An experienced producer of Breccia Pernice

Essegri Marmi is a producer of Breccia Pernice, which is quarried in the Volargne stoneworking region of Northern Italy.

While the beginning of Essegi Marmi dates back to 1963, the ownership’s family history in the stone industry can be traced to the 1600s. Specializing in the quarrying and production of Breccia Pernice, Essegi Marmi is located in the Volargne stoneworking region of Northern Italy. The company has supplied its unique material to high-profile projects around the world such as Trump Tower in New York City.

The Breccia Pernice quarries developed along a large fault in the mountain known as the “tectonic zone.” The fragmented material is offered in three variations, which include Chiara (clear), Medio (pink) and Classico (red). 

Breccia Pernice is extracted from the same mountain that contains the Rosso Verona and Pietra della Lessina quarries, according to Paolo Savoia of Essegi Marmi, adding that the higher elevations of the mountain are where Breccia Pernice is found. “Well-maintained roadways facilitate travel,” he said. “Blocks are transported to the factory on flatbed trucks.”

Savoia went on to explain that the translation for the Italian word Breccia is “fragmented rock.” Breccia Pernice is composed of fragments of red, pink and white limestone, and it is alternately referred to as a marble or a limestone. “In a sense, it is a new material because it was discovered in the early 19th century,” he said. “It is new compared to Rosso Verona. “It’s similar to the red French limestone that was used a lot for churches at the time. It competed with that.”

At the time of Stone World’s visit, Essegri Marmi was quarrying its Medio and Classico varieties.

Breccia Pernice is offered in three variations, which include Chiara, Medio and Classico. While the Classico variety is very red in color, the Medio - or “Medium” - variety consists more of shades of pink. Chiara, which means “clear” in Italian, is light in color. “The geological structure is always the same - only the color is different,” said Savoia. “The only difference is the aesthetic value of the material.”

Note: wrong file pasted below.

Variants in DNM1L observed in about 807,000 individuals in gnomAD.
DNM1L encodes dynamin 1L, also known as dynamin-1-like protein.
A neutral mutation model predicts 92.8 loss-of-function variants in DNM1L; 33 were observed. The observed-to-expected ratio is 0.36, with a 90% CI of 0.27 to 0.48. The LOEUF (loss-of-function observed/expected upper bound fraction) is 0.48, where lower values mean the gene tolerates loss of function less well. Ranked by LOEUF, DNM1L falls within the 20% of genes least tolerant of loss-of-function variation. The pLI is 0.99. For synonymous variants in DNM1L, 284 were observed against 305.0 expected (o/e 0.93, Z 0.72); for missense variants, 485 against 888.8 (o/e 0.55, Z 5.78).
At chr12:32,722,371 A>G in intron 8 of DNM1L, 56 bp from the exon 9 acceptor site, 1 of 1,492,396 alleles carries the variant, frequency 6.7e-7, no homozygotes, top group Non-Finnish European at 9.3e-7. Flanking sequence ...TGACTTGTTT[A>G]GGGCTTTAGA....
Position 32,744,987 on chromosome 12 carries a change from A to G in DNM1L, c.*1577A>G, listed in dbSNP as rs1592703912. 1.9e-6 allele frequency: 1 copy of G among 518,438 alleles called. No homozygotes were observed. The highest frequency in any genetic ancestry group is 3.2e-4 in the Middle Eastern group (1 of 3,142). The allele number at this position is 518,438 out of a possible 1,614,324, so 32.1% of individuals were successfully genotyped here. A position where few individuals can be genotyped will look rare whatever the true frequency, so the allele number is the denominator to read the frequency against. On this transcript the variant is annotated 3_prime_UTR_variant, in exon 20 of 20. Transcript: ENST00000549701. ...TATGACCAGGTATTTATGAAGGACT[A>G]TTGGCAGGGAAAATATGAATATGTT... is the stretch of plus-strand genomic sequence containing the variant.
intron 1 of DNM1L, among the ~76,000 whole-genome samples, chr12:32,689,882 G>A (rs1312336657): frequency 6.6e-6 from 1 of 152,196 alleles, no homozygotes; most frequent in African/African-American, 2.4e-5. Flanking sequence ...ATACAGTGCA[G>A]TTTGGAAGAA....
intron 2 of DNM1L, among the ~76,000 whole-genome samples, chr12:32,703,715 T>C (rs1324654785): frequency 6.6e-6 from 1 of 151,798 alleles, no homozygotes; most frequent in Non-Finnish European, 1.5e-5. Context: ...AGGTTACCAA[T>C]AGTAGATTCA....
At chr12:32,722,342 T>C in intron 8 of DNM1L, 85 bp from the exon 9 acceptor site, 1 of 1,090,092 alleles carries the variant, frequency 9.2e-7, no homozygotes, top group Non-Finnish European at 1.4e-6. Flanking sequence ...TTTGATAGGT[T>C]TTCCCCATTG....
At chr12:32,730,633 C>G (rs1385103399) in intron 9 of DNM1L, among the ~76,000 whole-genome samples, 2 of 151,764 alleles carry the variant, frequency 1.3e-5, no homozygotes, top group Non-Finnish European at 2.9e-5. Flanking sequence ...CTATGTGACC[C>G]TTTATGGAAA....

The material consists of different-sized fragments - both small and large. “They are not round,” said Savoia. “They are irregular - usually angular.” And due to Breccia Pernice’s low resistance to the freeze/thaw cycle, it is better suited for interior applications, according to Savoia.

Blocks are cut with a diamond wire saw in approximately one hour.

The quarry formation

The Breccia Pernice quarries developed along a large fault in the mountain known as the “tectonic zone,” according to Dott. Geol. Annapaola Gradizzi, an Italian geologist. “When you move from the fault, which is the heart of the quarry, the material gets lighter in color,” she said.

The Breccia Pernice quarries operate year round, with between four to five workers on site. 

At the time of Stone World’s visit, Essegi Marmi was operating three Breccia Pernice quarries. These quarries sit 3,000 feet above sea level, and they were developed in “trenches” along the tectonic zone, which is 300 meters deep. “It is more difficult to quarry this material because you have to dig a trench,” said Gradizzi. “It is a really interesting material though because of its fragmentation.”

During Stone World’s trip to Essegi Marmi’s Breccia Pernice quarries, the company was not producing the light-colored variety of the stone because it was deep inside the mountain. On average, a typical quarry face consists of 20 meters of Classico, 50 meters of Medio and 20 meters of Chiaro.

While initially large blocks are extracted from the quarry, they are then cut into smaller blocks that are transported to the production facility. On average, the blocks measure between 2 and 2 ½ meters.

Extraction method

To extract the Breccia Pernice from the quarry, the company uses a “soft blast” technique. A hole is first made with a drilling rig and then a soft blast is put inside the hole. The rest of the cuts are made with a diamond wire saw.

Breccia Classico is deep red in color, and it is located in the heart of the quarry - closest to the fault.

The first cut is made from the bed up to the first bench, according to Gradizzi. Next, two lateral cuts are made. The final step includes making three main cuts to produce three to four large blocks. “The spacing of the joint is really big, so they can produce big blocks,” said the geologist.

In total, a diamond wire saw can cut a block in about one hour. The large blocks are then cut into smaller blocks that are transported to the production facility. On average, the blocks measure between 2 and 2 ½ meters.

Essegi Marmi operates its quarries year round. Typically, there are four to five workers on site. Once a quarry is no longer used for extraction, some are re-filled with waste and used for agriculture, including vineyards.

Chiara, which means “clear” in Italian, is light in color.

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